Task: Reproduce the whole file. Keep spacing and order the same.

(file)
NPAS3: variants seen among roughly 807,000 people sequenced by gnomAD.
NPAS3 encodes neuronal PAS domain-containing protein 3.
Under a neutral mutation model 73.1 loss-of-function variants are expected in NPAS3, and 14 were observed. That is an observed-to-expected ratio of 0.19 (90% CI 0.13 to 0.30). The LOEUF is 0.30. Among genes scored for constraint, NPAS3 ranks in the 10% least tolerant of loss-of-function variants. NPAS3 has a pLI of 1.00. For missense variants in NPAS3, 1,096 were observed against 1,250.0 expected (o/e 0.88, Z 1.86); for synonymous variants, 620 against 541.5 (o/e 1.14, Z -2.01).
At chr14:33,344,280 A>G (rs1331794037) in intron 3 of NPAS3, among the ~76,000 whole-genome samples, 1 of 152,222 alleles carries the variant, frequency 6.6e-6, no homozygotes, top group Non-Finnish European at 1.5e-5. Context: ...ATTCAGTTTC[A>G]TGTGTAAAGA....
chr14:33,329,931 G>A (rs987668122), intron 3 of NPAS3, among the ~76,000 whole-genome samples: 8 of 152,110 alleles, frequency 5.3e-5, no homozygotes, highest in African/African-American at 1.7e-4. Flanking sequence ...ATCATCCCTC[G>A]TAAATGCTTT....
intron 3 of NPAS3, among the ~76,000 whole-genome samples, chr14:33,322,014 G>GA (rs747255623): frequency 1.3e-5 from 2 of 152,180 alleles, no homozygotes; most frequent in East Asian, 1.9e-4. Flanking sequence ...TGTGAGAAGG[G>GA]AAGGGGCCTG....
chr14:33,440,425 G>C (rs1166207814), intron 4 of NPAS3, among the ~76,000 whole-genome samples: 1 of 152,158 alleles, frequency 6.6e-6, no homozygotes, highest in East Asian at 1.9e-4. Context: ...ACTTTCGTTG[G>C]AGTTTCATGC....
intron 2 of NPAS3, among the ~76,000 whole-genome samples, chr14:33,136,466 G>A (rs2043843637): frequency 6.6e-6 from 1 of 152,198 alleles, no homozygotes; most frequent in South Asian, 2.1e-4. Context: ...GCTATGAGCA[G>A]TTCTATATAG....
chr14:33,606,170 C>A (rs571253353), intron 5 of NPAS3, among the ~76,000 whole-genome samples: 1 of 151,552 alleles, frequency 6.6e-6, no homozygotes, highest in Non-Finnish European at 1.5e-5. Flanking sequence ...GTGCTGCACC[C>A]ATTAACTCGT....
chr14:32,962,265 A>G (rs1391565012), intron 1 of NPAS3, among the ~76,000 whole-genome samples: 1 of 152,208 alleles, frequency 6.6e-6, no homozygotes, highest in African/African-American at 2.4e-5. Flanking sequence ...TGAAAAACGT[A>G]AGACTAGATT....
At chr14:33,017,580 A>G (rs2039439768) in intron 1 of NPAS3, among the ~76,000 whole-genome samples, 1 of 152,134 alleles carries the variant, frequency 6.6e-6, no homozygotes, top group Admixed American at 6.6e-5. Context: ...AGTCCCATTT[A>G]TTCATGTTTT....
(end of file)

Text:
NPAS3: variants seen among roughly 807,000 people sequenced by gnomAD.
NPAS3 encodes neuronal PAS domain-containing protein 3.
Under a neutral mutation model 73.1 loss-of-function variants are expected in NPAS3, and 14 were observed. That is an observed-to-expected ratio of 0.19 (90% CI 0.13 to 0.30). The LOEUF is 0.30. Among genes scored for constraint, NPAS3 ranks in the 10% least tolerant of loss-of-function variants. NPAS3 has a pLI of 1.00. For missense variants in NPAS3, 1,096 were observed against 1,250.0 expected (o/e 0.88, Z 1.86); for synonymous variants, 620 against 541.5 (o/e 1.14, Z -2.01).
At chr14:33,344,280 A>G (rs1331794037) in intron 3 of NPAS3, among the ~76,000 whole-genome samples, 1 of 152,222 alleles carries the variant, frequency 6.6e-6, no homozygotes, top group Non-Finnish European at 1.5e-5. Context: ...ATTCAGTTTC[A>G]TGTGTAAAGA....
chr14:33,329,931 G>A (rs987668122), intron 3 of NPAS3, among the ~76,000 whole-genome samples: 8 of 152,110 alleles, frequency 5.3e-5, no homozygotes, highest in African/African-American at 1.7e-4. Flanking sequence ...ATCATCCCTC[G>A]TAAATGCTTT....
intron 3 of NPAS3, among the ~76,000 whole-genome samples, chr14:33,322,014 G>GA (rs747255623): frequency 1.3e-5 from 2 of 152,180 alleles, no homozygotes; most frequent in East Asian, 1.9e-4. Flanking sequence ...TGTGAGAAGG[G>GA]AAGGGGCCTG....
chr14:33,440,425 G>C (rs1166207814), intron 4 of NPAS3, among the ~76,000 whole-genome samples: 1 of 152,158 alleles, frequency 6.6e-6, no homozygotes, highest in East Asian at 1.9e-4. Context: ...ACTTTCGTTG[G>C]AGTTTCATGC....
intron 2 of NPAS3, among the ~76,000 whole-genome samples, chr14:33,136,466 G>A (rs2043843637): frequency 6.6e-6 from 1 of 152,198 alleles, no homozygotes; most frequent in South Asian, 2.1e-4. Context: ...GCTATGAGCA[G>A]TTCTATATAG....
chr14:33,606,170 C>A (rs571253353), intron 5 of NPAS3, among the ~76,000 whole-genome samples: 1 of 151,552 alleles, frequency 6.6e-6, no homozygotes, highest in Non-Finnish European at 1.5e-5. Flanking sequence ...GTGCTGCACC[C>A]ATTAACTCGT....
chr14:32,962,265 A>G (rs1391565012), intron 1 of NPAS3, among the ~76,000 whole-genome samples: 1 of 152,208 alleles, frequency 6.6e-6, no homozygotes, highest in African/African-American at 2.4e-5. Flanking sequence ...TGAAAAACGT[A>G]AGACTAGATT....
At chr14:33,017,580 A>G (rs2039439768) in intron 1 of NPAS3, among the ~76,000 whole-genome samples, 1 of 152,134 alleles carries the variant, frequency 6.6e-6, no homozygotes, top group Admixed American at 6.6e-5. Context: ...AGTCCCATTT[A>G]TTCATGTTTT....